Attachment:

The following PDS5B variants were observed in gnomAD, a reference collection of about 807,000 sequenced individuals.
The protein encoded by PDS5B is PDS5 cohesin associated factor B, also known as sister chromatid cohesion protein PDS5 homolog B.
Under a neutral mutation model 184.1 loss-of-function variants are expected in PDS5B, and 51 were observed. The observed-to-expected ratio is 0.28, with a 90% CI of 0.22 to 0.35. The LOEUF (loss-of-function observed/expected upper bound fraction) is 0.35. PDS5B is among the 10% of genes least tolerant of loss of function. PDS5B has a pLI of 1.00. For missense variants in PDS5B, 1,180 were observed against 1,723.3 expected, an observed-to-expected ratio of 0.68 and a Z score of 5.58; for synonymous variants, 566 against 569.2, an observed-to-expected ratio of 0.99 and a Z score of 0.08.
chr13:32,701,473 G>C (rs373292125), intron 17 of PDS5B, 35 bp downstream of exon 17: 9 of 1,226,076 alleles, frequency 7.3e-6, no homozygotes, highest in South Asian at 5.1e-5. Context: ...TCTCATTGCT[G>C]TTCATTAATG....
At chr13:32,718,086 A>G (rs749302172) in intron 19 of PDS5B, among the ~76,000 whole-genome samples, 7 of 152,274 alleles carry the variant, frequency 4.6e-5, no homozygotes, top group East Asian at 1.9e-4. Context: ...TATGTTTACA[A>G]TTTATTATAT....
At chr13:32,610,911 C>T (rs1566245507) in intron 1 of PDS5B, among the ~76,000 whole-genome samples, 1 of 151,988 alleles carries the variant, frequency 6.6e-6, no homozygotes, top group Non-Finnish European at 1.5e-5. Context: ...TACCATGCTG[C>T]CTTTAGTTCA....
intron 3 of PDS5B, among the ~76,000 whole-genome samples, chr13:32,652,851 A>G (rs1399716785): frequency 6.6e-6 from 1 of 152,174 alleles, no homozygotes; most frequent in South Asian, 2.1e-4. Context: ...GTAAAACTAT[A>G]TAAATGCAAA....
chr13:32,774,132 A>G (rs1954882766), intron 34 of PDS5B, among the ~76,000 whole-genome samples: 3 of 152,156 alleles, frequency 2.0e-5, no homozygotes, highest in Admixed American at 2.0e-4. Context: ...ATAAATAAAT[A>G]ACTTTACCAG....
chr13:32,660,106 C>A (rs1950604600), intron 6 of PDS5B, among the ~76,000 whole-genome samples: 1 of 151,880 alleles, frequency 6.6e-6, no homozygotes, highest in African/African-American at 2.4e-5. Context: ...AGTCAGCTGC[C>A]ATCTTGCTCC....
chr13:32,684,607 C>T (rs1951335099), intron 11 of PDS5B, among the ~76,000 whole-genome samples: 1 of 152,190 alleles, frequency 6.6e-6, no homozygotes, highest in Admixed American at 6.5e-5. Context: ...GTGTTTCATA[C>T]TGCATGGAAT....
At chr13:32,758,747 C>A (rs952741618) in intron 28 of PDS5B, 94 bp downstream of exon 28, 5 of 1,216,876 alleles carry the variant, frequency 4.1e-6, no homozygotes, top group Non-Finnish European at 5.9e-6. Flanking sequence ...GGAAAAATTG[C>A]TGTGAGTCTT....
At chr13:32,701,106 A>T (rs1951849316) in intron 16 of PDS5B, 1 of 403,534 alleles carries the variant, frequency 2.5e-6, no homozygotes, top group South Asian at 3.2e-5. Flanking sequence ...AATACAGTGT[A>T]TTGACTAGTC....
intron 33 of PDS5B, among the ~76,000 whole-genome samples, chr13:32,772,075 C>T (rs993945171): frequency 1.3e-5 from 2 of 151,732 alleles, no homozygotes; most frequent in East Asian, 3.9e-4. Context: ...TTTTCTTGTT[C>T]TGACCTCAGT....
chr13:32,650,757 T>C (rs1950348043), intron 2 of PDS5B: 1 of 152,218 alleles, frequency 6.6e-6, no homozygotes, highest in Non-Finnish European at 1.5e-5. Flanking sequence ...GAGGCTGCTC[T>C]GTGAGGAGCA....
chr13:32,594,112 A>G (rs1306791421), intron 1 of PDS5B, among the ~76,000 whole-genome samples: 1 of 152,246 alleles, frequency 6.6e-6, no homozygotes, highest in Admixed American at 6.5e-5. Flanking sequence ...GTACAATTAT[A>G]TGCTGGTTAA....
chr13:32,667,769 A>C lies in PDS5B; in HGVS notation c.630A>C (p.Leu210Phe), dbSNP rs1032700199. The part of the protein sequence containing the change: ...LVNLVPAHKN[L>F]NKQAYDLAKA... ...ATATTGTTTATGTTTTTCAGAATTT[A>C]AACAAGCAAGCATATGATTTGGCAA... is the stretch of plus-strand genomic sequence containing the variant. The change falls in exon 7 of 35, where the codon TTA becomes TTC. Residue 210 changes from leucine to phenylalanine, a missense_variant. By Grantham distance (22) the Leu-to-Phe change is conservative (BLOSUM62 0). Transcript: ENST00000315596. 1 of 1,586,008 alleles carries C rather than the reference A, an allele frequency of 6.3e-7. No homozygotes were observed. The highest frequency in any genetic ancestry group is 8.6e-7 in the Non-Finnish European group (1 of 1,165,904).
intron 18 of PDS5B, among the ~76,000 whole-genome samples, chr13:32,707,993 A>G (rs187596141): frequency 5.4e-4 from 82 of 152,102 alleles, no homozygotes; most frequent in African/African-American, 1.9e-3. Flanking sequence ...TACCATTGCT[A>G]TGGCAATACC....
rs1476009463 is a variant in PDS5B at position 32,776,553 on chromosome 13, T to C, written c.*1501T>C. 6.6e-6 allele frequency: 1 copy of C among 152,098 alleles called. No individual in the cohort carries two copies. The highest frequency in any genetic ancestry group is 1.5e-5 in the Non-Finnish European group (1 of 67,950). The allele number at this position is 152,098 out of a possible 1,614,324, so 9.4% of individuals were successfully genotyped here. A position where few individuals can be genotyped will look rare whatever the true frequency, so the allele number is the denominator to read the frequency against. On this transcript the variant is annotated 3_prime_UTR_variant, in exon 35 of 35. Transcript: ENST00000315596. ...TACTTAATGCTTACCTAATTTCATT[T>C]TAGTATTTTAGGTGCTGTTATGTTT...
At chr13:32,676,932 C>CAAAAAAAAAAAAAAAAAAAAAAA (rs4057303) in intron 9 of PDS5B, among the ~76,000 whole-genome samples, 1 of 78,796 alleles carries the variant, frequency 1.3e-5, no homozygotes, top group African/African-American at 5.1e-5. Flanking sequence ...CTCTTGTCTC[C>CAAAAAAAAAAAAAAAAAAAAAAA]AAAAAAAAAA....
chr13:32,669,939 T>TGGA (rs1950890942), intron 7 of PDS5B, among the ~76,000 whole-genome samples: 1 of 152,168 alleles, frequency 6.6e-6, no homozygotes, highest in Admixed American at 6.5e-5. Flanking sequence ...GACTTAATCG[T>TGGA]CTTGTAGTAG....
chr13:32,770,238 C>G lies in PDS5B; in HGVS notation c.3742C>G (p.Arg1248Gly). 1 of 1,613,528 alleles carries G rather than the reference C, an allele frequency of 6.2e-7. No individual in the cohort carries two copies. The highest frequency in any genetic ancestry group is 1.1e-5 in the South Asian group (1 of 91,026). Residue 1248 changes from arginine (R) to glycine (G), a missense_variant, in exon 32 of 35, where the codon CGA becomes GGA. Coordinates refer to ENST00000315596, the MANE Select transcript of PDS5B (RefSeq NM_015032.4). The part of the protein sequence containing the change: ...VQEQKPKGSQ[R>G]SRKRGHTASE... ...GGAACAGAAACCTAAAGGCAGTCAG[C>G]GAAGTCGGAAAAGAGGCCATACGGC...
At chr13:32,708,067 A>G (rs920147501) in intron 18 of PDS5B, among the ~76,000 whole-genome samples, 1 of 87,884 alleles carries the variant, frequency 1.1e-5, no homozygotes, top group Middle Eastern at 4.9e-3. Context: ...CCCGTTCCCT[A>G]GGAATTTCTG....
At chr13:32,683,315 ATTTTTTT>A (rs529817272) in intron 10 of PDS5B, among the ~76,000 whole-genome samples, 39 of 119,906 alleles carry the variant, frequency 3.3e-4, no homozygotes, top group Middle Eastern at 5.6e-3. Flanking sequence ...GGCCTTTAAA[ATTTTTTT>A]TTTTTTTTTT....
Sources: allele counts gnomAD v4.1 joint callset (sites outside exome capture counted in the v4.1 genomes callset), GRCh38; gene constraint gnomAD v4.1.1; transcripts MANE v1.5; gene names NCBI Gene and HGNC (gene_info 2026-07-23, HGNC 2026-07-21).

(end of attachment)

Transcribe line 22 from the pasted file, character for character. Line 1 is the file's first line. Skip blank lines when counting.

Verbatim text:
At chr13:32,708,067 A>G (rs920147501) in intron 18 of PDS5B, among the ~76,000 whole-genome samples, 1 of 87,884 alleles carries the variant, frequency 1.1e-5, no homozygotes, top group Middle Eastern at 4.9e-3. Context: ...CCCGTTCCCT[A>G]GGAATTTCTG....